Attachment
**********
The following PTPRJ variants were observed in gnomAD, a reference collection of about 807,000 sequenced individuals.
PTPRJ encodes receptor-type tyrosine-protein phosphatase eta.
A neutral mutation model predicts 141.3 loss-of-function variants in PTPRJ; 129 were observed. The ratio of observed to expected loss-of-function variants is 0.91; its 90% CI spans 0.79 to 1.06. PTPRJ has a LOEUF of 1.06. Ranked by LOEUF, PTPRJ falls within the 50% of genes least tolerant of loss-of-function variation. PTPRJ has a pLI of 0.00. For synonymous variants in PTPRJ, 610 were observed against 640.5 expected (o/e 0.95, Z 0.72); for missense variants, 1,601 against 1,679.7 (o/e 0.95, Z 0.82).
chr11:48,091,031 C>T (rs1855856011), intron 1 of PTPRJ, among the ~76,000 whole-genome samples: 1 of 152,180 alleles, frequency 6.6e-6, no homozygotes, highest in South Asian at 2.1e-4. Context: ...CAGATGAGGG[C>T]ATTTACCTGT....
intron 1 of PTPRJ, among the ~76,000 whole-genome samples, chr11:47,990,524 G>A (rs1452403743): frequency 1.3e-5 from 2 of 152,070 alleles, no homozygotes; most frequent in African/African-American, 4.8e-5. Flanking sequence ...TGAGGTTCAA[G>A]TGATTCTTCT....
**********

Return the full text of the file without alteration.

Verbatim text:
The following PTPRJ variants were observed in gnomAD, a reference collection of about 807,000 sequenced individuals.
PTPRJ encodes receptor-type tyrosine-protein phosphatase eta.
A neutral mutation model predicts 141.3 loss-of-function variants in PTPRJ; 129 were observed. The ratio of observed to expected loss-of-function variants is 0.91; its 90% CI spans 0.79 to 1.06. PTPRJ has a LOEUF of 1.06. Ranked by LOEUF, PTPRJ falls within the 50% of genes least tolerant of loss-of-function variation. PTPRJ has a pLI of 0.00. For synonymous variants in PTPRJ, 610 were observed against 640.5 expected (o/e 0.95, Z 0.72); for missense variants, 1,601 against 1,679.7 (o/e 0.95, Z 0.82).
chr11:48,091,031 C>T (rs1855856011), intron 1 of PTPRJ, among the ~76,000 whole-genome samples: 1 of 152,180 alleles, frequency 6.6e-6, no homozygotes, highest in South Asian at 2.1e-4. Context: ...CAGATGAGGG[C>T]ATTTACCTGT....
intron 1 of PTPRJ, among the ~76,000 whole-genome samples, chr11:47,990,524 G>A (rs1452403743): frequency 1.3e-5 from 2 of 152,070 alleles, no homozygotes; most frequent in African/African-American, 4.8e-5. Flanking sequence ...TGAGGTTCAA[G>A]TGATTCTTCT....